Pacing modes specific for Medtronic


MVP (Managed Ventricular Pacing)

The MVP (Managed Ventricular Pacing) mode is an atrial-based pacing mode designed to promote intrinsic conduction and to reduce the percentage of unnecessary right ventricular pacing.

Operating details

MVP provides the following functions:

  • AAI mode pacing when AV conduction is intact
  • backup ventricular support for transient loss of AV conduction
  • ability to automatically switch to DDD pacing during sustained AV block
  • periodic conduction checks at progressively increasing intervals while operating in DDD mode, with the ability to switch back to AAI mode when AV conduction resumes

Intact AV conduction

The MVP mode, AAI<=>DDD, provides AAI mode pacing while monitoring AV conduction (ADI mode). If AV conduction is intact, the device remains in AAI mode. While operating in AAI mode, the parameters associated with single chamber atrial pacing are applicable.



Transient loss of conduction

For transient loss of AV conduction, the device remains in AAI mode and provides a backup ventricular pacing pulse in response to an A-A interval that is missing a ventricular sense.

 In this example, ventricular backup pacing occurs 80 ms after the scheduled AP on the next cycle following A-A intervals without a valid ventricular sense. The device does not switch to DDD after a single A-A interval without a valid ventricular sense.



Sustained loss of AV conduction

When no ventricular sensed event occurs in 2 of 4 preceding A-A intervals, the pacemaker automatically switches from AAI to DDD mode.

In this example, ventricular backup pacing occurs 80 ms after the scheduled AP following each A-A interval without a valid ventricular sense. The pacemaker switches to DDD mode since two of the most 4 recent non-refractory A-A intervals are missing a ventricular event.


AV conduction resumes

After switching to DDD mode, the device periodically checks AV conduction for an opportunity to return to AAI mode. The first AV conduction check occurs 1 minute after switching to DDD mode. During the conduction check, the device switches to AAI pacing mode for one cycle.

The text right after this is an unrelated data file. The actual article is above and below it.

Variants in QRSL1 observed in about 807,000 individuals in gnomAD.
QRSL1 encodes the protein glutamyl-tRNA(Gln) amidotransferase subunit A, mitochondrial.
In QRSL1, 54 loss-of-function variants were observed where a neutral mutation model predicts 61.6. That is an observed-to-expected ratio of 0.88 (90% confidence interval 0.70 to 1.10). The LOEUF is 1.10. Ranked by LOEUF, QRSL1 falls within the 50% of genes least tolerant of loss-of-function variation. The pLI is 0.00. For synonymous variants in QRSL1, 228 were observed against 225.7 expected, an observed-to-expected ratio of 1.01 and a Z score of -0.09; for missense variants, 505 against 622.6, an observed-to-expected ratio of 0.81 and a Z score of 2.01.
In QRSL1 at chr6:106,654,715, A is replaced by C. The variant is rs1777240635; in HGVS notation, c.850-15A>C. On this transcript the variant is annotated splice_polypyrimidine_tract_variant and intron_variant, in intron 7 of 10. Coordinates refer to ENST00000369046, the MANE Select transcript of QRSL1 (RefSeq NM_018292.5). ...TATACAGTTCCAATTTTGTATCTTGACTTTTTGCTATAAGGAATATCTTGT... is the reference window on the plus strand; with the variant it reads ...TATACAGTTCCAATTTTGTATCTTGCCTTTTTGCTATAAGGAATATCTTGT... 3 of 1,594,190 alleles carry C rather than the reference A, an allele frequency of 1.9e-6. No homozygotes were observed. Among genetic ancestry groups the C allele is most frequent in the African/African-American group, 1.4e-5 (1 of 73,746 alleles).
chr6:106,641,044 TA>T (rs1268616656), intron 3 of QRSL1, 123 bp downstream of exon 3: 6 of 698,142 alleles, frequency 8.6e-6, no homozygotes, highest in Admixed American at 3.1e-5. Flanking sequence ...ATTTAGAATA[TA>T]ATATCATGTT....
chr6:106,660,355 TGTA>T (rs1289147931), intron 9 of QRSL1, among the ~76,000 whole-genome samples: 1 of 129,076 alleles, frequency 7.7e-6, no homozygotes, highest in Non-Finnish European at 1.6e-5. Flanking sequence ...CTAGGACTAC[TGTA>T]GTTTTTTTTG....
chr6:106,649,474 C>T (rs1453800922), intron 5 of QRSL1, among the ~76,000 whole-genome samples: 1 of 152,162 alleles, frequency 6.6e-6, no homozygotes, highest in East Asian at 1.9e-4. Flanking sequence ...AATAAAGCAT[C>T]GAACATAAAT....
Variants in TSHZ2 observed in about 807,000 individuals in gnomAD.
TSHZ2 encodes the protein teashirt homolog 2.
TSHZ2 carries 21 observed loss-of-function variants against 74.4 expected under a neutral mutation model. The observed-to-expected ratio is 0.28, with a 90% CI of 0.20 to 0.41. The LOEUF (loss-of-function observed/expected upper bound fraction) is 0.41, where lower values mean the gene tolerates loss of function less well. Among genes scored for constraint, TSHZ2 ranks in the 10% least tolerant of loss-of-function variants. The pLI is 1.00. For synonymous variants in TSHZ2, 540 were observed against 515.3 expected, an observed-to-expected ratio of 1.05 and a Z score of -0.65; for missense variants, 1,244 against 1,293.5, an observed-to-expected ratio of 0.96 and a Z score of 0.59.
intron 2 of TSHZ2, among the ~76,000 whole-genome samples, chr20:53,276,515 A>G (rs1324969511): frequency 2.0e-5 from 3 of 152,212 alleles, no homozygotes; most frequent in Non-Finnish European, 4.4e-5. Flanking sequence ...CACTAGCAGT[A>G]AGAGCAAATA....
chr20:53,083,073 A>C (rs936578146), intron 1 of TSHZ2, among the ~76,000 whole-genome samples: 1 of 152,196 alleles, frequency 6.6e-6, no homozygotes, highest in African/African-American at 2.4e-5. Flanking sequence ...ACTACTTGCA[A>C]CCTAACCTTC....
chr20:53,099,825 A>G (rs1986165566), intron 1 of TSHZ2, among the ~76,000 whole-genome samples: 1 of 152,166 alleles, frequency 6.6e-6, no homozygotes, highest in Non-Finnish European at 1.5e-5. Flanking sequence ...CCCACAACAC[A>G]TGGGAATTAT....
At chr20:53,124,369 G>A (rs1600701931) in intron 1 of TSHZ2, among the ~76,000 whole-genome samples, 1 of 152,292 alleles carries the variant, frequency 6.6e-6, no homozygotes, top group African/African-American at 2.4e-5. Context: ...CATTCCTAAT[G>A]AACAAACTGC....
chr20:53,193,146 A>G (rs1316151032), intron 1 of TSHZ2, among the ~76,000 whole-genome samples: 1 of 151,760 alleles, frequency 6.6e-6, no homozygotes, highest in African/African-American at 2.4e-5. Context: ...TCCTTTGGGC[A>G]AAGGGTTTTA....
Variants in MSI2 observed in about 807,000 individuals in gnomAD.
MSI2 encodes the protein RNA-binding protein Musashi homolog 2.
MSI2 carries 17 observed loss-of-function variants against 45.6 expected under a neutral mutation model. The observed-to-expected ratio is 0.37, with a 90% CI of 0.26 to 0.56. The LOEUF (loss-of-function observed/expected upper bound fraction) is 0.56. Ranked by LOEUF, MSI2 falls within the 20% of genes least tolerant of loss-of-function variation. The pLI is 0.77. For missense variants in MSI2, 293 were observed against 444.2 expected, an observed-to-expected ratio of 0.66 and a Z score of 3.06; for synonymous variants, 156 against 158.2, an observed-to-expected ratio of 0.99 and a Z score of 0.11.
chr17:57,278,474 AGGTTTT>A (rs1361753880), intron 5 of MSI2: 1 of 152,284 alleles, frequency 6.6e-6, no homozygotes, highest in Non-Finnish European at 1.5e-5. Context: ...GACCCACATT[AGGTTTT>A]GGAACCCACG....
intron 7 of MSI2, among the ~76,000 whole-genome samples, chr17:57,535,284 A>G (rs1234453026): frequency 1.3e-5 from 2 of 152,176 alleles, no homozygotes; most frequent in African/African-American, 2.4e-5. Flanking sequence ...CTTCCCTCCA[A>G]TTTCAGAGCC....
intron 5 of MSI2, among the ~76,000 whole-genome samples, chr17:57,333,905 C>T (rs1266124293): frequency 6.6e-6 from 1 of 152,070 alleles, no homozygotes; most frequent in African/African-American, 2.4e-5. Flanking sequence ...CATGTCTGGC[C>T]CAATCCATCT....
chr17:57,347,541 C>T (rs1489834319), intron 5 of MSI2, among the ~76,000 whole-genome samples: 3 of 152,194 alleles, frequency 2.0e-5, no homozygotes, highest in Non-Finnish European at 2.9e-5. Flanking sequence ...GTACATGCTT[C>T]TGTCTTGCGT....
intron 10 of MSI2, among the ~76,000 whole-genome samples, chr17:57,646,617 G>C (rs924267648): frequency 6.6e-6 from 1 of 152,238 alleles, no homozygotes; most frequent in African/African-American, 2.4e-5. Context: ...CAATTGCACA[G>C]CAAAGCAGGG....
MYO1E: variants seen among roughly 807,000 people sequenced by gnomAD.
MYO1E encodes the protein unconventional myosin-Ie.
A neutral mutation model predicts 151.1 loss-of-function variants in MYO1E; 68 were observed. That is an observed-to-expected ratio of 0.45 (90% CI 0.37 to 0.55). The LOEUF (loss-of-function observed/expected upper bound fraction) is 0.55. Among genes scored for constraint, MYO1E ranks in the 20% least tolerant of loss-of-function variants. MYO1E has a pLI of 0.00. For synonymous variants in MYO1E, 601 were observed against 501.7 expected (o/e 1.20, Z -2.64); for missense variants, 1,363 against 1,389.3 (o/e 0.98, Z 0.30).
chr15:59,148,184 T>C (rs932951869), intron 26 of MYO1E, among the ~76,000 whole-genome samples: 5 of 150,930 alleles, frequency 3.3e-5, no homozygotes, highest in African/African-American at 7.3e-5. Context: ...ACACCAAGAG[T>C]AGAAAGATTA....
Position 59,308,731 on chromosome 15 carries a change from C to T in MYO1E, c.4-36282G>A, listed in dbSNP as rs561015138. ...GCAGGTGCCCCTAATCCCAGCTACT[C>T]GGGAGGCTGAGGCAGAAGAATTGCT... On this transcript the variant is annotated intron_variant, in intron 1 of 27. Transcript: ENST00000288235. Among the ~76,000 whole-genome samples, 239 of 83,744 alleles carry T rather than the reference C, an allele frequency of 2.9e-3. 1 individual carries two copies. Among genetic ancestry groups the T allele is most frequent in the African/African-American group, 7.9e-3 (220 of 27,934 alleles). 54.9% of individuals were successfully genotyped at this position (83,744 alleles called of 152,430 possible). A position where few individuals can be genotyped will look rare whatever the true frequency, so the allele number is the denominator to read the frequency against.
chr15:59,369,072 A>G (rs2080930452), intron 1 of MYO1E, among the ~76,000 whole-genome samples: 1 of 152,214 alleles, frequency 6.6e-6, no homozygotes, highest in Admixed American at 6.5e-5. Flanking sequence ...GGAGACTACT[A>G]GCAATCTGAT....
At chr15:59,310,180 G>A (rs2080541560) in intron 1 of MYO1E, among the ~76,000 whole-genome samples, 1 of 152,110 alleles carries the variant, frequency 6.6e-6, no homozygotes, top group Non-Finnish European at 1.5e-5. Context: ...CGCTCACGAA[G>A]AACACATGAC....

If the next A-A interval includes a sensed ventricular beat, the conduction check succeeds. The device remains in AAI pacing mode.

This tracing shows one example of successful conduction check after one minute of DDD pacing.

If the next A-A interval does not include a sensed ventricular beat, the conduction check fails, and the device switches back to the DDD mode. The time between conduction checks then doubles (2, 4, 8 … minutes, up to a maximum of 16 hours) with each failed conduction check.



Specificities of the algorithm

Atrial Refractory Period: when MVP is operating in AAI mode, the Atrial Refractory Period is not programmable. Instead, it is automatically adjusted according to the current heart rate: 600 ms for rates below 75 bpm and 75% of the ventricular interval for rates at or above 75 bpm. An atrial activity detected in this dynamic Atrial Refractory Period does not reset the A-A escape interval to avoid inappropriate switches to DDD in the presence of non-conducted premature atrial contractions.

 PVCs and ventricular tachyarrhythmias: because cross-chamber blanking may affect sensing of ventricular arrhythmias, when MVP is operating in AAI mode, the device inhibits atrial pacing in response to PVCs, PVC runs, and ventricular tachyarrhythmia episodes. This behavior is intended to prevent unnecessary atrial pacing when the ventricular rate is faster than the pacing rate. It also allows tachyarrhythmia detection features to operate without disruption from blanking periods caused by atrial pacing.

Ventricular pause and lower rate limit: upon abrupt loss of AV conduction, prior to switching to DDD mode, the MVP mode allows the occurrence of occasional pauses of up to twice the programmed lower rate interval. It is therefore recommended to program the Lower Rate to 50 bpm or higher to decrease the duration of the pause in case of loss of atrioventricular conduction.

 Complete heart block: for patients with complete AV block, the device operates in DDD mode persistently. Every 16 hours, the device checks for AV conduction, which results in a single dropped ventricular beat. If this pause is symptomatic, programming of the DDD mode may be more appropriate.

Long PR intervals: for patients with long PR intervals, the device remains in the AAI mode. Permanent DDDR or DDD modes may be more appropriate for patients with symptomatic first-degree AV block particularly if there is no reduction of the PR interval during exercise.

 Operation immediately after implant: the device is shipped in MVP mode, initially operating in DDD mode. Approximately 30 min after implant, the device automatically checks for AV conduction and switches to AAI mode if appropriate.



Updated MVP algorithm